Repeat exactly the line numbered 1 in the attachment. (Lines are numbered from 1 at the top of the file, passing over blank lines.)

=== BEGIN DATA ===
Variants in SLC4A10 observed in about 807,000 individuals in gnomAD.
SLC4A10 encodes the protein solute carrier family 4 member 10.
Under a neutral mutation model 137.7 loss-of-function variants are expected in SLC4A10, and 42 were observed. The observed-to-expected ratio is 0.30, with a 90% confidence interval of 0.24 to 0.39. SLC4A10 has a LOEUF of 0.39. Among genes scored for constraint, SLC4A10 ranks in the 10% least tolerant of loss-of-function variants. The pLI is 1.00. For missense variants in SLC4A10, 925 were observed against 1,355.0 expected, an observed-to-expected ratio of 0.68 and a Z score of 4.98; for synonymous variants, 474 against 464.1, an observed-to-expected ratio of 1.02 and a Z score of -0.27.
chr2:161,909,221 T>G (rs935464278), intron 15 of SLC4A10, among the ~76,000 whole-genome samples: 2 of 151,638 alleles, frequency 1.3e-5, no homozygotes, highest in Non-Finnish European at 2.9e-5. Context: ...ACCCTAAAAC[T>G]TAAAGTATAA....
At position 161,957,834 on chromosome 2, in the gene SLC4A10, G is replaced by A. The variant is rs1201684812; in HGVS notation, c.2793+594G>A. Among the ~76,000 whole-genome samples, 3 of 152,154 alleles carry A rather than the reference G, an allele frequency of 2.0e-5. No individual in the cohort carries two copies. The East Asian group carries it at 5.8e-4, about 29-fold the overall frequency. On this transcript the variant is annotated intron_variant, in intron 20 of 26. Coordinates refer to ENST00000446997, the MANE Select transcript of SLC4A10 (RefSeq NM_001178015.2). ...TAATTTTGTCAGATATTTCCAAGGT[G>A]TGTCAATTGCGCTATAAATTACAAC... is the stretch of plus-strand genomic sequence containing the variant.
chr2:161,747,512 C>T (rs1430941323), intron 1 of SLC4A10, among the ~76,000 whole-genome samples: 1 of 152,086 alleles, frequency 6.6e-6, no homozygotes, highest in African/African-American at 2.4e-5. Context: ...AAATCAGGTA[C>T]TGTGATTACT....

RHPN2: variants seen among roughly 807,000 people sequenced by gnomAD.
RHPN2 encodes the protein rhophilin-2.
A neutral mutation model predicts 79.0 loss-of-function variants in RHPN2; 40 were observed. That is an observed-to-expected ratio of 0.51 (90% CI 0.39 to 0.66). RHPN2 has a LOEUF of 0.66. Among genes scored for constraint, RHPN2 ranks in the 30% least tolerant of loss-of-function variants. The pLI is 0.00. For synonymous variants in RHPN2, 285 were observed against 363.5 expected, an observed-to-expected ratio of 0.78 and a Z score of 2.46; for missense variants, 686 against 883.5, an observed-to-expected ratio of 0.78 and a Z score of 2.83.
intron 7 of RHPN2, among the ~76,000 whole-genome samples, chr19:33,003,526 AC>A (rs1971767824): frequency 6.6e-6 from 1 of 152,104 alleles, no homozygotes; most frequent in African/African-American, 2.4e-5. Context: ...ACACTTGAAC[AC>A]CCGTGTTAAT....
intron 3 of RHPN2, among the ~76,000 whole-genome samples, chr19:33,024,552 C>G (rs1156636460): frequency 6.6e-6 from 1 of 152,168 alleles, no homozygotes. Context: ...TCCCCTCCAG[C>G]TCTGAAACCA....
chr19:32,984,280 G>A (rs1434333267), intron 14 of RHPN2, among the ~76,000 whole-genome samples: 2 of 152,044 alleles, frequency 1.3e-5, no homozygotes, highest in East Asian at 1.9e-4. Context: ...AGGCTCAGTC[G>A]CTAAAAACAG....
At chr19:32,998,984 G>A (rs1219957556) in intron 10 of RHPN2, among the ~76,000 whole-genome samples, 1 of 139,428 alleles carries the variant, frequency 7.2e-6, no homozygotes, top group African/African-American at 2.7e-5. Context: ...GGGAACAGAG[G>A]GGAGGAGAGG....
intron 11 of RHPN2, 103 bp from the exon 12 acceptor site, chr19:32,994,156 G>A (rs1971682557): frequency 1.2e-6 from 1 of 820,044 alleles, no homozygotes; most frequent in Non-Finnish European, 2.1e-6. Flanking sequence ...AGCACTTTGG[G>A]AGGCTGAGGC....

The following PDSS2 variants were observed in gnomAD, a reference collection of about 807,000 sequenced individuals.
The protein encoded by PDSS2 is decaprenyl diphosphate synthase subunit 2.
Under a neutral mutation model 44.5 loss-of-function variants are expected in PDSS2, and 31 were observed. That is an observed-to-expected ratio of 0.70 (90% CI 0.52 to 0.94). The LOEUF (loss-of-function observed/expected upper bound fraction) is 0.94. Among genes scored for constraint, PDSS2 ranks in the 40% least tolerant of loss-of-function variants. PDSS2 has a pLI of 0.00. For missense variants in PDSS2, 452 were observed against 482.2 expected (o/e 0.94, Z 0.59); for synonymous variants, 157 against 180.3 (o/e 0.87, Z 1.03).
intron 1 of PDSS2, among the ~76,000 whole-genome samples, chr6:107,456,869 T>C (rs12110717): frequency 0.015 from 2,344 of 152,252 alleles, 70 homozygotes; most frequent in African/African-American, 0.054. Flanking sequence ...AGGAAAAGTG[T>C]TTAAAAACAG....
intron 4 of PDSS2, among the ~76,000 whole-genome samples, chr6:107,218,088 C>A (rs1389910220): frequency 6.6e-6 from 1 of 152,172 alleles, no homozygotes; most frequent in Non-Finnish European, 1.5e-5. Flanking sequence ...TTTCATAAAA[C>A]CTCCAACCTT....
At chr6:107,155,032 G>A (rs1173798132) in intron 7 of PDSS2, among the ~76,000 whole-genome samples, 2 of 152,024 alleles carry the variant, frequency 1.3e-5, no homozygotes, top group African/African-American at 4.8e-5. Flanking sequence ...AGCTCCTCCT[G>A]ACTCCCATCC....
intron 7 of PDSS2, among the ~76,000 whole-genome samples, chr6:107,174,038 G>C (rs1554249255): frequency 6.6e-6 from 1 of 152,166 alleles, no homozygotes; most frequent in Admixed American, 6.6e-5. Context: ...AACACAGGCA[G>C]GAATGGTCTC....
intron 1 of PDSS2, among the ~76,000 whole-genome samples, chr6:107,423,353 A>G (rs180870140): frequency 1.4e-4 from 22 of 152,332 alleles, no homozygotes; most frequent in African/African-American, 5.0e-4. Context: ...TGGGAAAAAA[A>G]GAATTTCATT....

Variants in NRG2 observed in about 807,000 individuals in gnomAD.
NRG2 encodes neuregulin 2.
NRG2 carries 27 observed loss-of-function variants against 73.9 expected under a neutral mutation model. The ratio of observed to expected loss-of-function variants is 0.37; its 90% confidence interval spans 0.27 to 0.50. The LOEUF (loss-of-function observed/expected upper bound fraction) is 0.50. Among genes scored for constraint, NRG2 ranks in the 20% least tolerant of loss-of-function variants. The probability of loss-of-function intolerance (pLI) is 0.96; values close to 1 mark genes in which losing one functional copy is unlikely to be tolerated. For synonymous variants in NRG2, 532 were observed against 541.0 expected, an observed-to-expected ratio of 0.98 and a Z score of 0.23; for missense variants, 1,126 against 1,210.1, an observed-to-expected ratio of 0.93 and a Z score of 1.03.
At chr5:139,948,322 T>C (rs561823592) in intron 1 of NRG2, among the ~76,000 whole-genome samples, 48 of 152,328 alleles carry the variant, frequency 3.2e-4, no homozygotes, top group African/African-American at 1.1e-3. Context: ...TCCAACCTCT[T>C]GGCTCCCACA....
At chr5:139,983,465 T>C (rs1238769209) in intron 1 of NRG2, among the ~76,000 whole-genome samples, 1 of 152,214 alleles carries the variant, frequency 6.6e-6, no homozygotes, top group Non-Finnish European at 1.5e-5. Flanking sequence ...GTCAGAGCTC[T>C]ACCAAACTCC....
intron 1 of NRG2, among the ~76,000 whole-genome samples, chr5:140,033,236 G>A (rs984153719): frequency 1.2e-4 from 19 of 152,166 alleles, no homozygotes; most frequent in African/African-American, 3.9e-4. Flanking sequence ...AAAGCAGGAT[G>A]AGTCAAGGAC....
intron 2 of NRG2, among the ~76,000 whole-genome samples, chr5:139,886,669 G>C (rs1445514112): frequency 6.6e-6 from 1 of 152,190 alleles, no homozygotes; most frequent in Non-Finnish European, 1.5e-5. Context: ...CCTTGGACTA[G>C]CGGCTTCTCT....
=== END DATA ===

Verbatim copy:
Variants in SLC4A10 observed in about 807,000 individuals in gnomAD.